Juul Knew It Was Hooking Teens

One of the ongoing stories of the consumer has been the epidemic of lung injuries among young people who use electronic cigarettes. Almost 2000 people have been hospitalized after using e-cigarettes, and over 30 have died. No brand of e-cigarette has been associated with more cases of lung injury and death than Juul.

Juul e-cigarettes packaged nicotine extracted from tobacco with fruit flavors attractive to teenagers. It turned out that the combination of nicotine and certain flavorings formed chemicals that are highly damaging to lung tissue.

Scientists found that as few as six puffs were sufficient to release chemicals that cause lung damage. The concentration of nicotine in Juul was responsible for most of its ill effects, but a combination of nicotine and menthol made the cell-killing effects much worse.

Juul contains up to 40 times as much nicotine as competing brands. It contains as much as 156 times the concentration of flavor chemicals, especially in its “Cool Mint”, “Classic Menthol”, “Cool Cucumber”, and “Fruit Medley” e-cigarettes. Its “Virginia Tobacco” e-cigarette is relatively safe.

It is hard to believe that executives at Juul were unaware that their products used vastly higher amounts of problematic chemical flavorings and nicotine than their competitors. And it has become common knowledge that the company knew their e-cigarettes were addictive as early as 2015.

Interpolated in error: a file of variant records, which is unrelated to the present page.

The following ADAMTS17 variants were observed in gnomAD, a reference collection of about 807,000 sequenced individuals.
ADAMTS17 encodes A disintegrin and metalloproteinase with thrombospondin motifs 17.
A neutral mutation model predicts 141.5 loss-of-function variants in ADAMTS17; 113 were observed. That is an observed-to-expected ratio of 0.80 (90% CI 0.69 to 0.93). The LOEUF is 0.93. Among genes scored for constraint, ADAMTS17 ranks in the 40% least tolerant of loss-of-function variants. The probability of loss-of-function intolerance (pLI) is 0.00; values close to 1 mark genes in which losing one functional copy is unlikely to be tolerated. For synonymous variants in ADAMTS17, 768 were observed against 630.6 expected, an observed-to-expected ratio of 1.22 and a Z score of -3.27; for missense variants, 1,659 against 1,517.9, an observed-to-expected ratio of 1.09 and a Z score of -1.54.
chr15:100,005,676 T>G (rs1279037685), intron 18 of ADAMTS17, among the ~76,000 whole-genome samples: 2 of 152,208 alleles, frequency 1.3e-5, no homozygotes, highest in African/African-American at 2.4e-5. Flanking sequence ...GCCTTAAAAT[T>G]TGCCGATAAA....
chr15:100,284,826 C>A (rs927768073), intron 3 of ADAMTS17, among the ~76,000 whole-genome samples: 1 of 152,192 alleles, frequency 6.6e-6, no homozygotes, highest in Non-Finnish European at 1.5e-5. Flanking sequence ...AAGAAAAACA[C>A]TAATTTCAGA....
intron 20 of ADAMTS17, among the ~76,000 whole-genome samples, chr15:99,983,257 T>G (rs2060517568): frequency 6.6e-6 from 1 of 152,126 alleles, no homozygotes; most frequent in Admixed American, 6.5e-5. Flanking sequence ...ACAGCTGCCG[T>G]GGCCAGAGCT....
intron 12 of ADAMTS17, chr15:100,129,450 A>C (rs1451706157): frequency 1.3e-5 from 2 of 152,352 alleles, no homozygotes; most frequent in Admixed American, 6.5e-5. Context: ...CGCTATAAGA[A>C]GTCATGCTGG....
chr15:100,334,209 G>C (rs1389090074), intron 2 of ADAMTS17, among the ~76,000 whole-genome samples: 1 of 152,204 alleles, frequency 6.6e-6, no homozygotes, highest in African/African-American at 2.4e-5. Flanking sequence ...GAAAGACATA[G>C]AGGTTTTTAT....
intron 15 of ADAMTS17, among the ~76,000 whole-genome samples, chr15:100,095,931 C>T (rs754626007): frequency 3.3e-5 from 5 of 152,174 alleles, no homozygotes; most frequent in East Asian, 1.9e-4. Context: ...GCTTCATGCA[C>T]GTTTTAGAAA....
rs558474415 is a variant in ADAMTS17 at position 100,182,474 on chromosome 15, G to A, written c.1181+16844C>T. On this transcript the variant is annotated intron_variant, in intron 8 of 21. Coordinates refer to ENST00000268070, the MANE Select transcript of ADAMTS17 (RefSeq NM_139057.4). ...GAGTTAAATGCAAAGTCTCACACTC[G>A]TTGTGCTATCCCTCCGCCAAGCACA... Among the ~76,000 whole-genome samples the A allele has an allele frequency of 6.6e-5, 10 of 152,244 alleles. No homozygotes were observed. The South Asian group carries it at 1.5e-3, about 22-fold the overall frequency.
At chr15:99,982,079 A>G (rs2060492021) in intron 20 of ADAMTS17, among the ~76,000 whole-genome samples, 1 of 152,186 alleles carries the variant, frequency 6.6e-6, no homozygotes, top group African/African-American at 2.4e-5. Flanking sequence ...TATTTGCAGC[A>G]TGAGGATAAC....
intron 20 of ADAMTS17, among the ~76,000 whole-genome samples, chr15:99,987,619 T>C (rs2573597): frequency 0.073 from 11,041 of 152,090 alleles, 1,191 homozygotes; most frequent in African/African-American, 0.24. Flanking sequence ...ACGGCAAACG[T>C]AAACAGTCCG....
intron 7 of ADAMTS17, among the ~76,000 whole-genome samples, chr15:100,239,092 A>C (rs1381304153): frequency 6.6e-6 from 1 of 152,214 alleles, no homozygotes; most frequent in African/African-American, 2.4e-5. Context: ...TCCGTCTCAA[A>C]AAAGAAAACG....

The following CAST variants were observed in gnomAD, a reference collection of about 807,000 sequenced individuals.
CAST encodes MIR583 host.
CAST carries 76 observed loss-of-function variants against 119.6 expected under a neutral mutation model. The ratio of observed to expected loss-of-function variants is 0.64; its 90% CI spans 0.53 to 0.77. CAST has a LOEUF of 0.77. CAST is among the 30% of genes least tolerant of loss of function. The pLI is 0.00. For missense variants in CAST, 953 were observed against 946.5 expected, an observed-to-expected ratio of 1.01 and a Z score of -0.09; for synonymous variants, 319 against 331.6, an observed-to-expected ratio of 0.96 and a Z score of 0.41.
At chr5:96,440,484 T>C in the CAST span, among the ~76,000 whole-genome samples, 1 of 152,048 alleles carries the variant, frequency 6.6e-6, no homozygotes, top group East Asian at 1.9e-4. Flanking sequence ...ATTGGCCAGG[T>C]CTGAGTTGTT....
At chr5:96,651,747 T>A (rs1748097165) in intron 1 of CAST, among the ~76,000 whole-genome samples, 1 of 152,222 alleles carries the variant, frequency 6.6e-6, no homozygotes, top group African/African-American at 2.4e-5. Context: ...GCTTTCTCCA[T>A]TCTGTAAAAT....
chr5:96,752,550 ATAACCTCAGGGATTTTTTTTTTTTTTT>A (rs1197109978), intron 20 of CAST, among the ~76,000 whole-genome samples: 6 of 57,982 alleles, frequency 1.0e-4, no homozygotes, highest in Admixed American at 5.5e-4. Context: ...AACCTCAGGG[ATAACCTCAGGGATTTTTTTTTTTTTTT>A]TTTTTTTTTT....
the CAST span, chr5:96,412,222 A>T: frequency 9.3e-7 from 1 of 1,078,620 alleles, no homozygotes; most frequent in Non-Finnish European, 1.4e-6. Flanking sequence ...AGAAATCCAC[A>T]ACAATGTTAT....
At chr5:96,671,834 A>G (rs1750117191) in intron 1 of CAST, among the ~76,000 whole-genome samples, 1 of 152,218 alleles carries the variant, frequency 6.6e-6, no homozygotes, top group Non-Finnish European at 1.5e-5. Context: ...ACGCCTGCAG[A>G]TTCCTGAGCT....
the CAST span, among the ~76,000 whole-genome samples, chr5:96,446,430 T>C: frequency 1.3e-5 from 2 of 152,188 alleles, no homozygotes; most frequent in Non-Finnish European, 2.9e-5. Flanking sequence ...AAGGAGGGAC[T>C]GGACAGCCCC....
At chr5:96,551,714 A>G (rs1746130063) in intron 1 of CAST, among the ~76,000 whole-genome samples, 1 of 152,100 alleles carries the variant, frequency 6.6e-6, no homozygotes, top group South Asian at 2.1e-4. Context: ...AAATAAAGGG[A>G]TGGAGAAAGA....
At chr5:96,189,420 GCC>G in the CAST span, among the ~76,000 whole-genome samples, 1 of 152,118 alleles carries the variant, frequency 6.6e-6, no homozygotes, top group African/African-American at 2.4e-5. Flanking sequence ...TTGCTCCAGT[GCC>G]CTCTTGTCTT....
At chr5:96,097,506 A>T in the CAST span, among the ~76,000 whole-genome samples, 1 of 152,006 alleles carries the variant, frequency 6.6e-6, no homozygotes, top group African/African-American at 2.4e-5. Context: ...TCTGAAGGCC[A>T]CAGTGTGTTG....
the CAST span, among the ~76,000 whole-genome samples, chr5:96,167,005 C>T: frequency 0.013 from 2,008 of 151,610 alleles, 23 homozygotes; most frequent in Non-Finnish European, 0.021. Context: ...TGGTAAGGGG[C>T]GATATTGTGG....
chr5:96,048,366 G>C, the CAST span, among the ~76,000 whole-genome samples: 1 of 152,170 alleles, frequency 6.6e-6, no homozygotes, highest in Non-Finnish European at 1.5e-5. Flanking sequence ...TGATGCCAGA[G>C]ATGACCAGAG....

Two Juul researchers told the Reuters News Agencies they cautioned the founders of Juul and its top company scientists about the potential for youth e-cigarette addiction. The executive leadership of Juul took their cautionary reporting seriously enough to discuss building safeguards into the product, such as a timer that kept the e-cigarette from being used for more than 30 minutes at a time, but not seriously enough to make any changes in product design.

Instead, Juul marketed its e-cigarettes as “less harmful than cigarettes” and did nothing to stop a 500 percent annual growth rate in sales. CEO Kevin Burns only stepped down after the Food and Drug Administration admonished the company not to make further unfounded claims about the safety of its products.

A survey in September of 2019 revealed that one out of every four high school students had used e-cigarettes in the last month. President Trump proposed a ban on flavored e-cigarettes, but no further regulatory action has been taken.